Leftists, and (((high verbal IQ))) types, love to create semantic traps whereby they can control,Â or â€˜frameâ€™, the conversation. A favorite is The Social Construct Trap, which works by giving us realists nearly irresistible bait–the claim that â€˜X is a social constructâ€™. (Where X is almost always race). Let us imagine a typical scenario, one which Iâ€™m sure many of us have lived: A couple of university students are discussing the role of poverty in life outcomes. One of them dares to venture that race has a role to play. The other student, recoiling in horror, invokes that talismanic phrase, â€œRace is just a social construct.â€ Our friend denies this. From there the conversation devolves into mere argument. Where did our friend go wrong? He forgot the rhetoric-dialectic distinction and he took the bait.
What, you may ask, is the problem with arguing against that stance, that race is a socialÂ construct? There are two subtle problems. The first is that this claim is simply a non sequitur. The example conversation is about the correlation of some phenomena â€˜life outcomes/povertyâ€™ and â€˜raceâ€™. It is not about the ontological status of race, no more than it is about the ontological status of poverty. Our friend is as justified in saying, and perhaps more so, that poverty is â€œjust a social constructâ€. He may respond like this: â€œYou say race doesnâ€™t exist because it is a social construct. Well, I think poverty doesnâ€™t exist because it too is a social construct. You say humans have clinal variation, hence race is socially and arbitrarily constructed. Well, wealth and income show continual variation, so it too is socially and arbitrarily constructed.â€ This may be a fun rhetorical gotcha, but it hardly advances the conversation, given that some progtards would probably accept the non-existence of poverty, the non-existence of anything, just so long as they donâ€™t have to accept race. Never mind that you are leaving some good arguments unused.
In many cases like this, our opponent is likely to let that word â€˜justâ€™ do most of the argumentative heavy lifting. â€œRace is just a social construct.â€ But what could it possibly mean to be just a social construct? Iâ€™m not sure we could say even unicorns are just a social construct. Horses exist, as do horns. This word â€˜justâ€™ or sometimes â€˜merelyâ€™ is a major weak point, for all the work it does, like the reactor core on the Death Star. They probably mean to imply that what we call â€˜raceâ€™ has no basis whatsoever in reality. Assuming they have any reason left, they should accept that skin color does exist, and that this has something to do with what we call race. If they accept this, then they must see that race isnâ€™t just a social construct.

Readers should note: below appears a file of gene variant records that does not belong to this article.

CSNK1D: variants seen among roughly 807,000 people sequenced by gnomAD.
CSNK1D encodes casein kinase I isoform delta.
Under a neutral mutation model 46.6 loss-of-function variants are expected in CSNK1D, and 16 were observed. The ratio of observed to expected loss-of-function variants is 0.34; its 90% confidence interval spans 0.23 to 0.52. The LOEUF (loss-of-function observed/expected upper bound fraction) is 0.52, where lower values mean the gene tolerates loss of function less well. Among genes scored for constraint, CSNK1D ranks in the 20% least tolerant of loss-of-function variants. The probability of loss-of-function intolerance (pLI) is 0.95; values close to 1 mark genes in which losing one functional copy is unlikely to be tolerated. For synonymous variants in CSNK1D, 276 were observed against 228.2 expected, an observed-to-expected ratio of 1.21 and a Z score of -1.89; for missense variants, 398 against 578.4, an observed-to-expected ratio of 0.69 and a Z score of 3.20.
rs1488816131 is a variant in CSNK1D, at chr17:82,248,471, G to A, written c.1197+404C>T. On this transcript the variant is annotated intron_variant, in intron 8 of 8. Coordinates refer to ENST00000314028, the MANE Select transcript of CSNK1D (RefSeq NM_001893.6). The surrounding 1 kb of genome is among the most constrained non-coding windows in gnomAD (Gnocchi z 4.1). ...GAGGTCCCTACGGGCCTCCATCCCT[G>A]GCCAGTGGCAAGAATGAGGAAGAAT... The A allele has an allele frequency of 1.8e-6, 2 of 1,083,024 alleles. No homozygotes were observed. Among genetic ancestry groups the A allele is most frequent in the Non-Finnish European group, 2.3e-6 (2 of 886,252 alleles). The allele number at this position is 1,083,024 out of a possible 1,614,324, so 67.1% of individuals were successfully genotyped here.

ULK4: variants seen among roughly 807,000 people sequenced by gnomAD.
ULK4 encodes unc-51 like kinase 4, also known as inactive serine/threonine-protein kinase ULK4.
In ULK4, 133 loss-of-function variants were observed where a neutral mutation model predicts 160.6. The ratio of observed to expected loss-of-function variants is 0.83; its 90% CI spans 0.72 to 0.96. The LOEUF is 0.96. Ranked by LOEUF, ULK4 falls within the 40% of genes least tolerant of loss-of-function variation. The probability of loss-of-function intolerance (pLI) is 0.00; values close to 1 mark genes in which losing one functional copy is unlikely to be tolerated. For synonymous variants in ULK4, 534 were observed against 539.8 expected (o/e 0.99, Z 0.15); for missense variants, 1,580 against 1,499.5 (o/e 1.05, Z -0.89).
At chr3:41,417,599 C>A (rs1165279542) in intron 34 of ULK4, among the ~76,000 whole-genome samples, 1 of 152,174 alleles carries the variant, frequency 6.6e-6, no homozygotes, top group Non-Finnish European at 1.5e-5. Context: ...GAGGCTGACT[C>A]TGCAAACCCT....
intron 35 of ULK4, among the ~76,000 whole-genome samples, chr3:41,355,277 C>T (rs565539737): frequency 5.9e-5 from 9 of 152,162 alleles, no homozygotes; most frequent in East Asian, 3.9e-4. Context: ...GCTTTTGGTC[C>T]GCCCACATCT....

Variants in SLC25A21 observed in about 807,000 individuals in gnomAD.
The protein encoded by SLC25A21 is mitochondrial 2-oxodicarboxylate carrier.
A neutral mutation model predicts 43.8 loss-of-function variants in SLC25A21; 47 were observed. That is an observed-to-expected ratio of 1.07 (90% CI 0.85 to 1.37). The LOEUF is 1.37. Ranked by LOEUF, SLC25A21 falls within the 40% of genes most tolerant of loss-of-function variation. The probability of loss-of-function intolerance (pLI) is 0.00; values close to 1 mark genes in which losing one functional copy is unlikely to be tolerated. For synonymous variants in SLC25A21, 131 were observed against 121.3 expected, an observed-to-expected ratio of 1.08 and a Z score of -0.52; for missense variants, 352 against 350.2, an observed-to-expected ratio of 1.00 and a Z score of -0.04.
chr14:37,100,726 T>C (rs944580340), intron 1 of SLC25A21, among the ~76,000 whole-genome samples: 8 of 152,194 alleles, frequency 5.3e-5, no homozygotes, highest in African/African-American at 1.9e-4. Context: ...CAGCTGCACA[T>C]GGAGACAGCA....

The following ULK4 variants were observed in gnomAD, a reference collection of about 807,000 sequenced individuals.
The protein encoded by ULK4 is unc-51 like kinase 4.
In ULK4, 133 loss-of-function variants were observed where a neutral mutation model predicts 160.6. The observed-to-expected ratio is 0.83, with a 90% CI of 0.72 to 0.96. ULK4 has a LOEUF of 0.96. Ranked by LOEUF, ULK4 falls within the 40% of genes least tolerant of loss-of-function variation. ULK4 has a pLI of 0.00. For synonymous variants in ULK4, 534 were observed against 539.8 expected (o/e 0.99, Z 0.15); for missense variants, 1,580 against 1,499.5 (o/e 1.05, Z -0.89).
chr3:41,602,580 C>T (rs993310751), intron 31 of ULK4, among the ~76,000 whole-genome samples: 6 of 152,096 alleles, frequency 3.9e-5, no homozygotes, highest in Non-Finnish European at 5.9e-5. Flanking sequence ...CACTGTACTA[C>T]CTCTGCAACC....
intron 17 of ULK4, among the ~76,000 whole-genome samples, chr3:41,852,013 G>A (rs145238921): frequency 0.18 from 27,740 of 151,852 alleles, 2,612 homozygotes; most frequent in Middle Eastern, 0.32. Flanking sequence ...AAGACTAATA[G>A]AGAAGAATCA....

Race might, one must now admit, be considered, along with many other things like colors orÂ money, in some sense a social construct. That is, human needs and capacities modulated through the medium of language give some shape to our world. The colors we perceive have, most assuredly, physical and biological foundations, but there are cultural variations in the number of color words. There is, supposedly a rainforest group that has many common words that pick out a wide number of shades of green. This should not come as a surprise considering their environment. Though English has phrases such as â€˜forest greenâ€™ or â€˜spearmintâ€™ etc. these are more the talk of paint companies than of everyday life. My point being that many of our concepts have some aspect that might fairly be called social construction to them. (For more on this sort of thing, Google around for John Searle, The Construction of Social Reality; Berlin and Kay, Basic Color Terms; and the Sapir-Whorf Hypothesis.)
Lucky for us the social construction of race is not the significant part of their argument. EitherÂ they think social constructs arenâ€™t real (whatever the hell that means), in which case ask them for all their money or they think racial divisions are arbitrary, in which case ask them to take a step. The first part we dealt with, letâ€™s look at the second. They argue that because there is no distinct or objective boundary between races there are no such things as races. As an analogy, blue and green do not exist because there is no set point at which blue becomes green. This some may recognize as the sorites or continuum fallacy. To use the famous example, I start with a heap of sand and slowly remove grains of sand one at a time. No single grain removal causes the heap to go from heap to non-heap; therefore, no matter how many grains I take away I always have a heap. This is obviously ridiculous, and yet this fallacy is one of the most common of our public discourse. As for asking them to take a step, we all know that that is impossible under our Zenoian physics, an analogous problem applied to distance (see theÂ famous example of the tortoise and Achilles). (That was sarcasm, folks.)
The fundamental problem with people who argue like this is their childish selectivity. If theyÂ were acting as a modern-day Parmenides, fine. But they are not, they are engaging in selective and self- serving skepticism. They arenâ€™t acting as disinterested philosophers, but as motivated perpetuators of foolish ideas. The say race doesnâ€™t exist, but happily endorse the notion of color, or of distance, or of time. The philosopher David Hume wrote, â€œPhilosophy would render us entirely Pyrrhonian, were not nature too strong for it.â€ That is, we would be completely skeptical of absolutely everything, but the demands of life prevent it except as philosophical exercise. But when one hates nature and is always in revolt against it, what is left but as much madness as the unkind intrusions of reality allow? What to do with these people? Hume provides, more or less, the answer: â€œCommit them then to the ovens: for they can contain nothing but sophistry and delusion.â€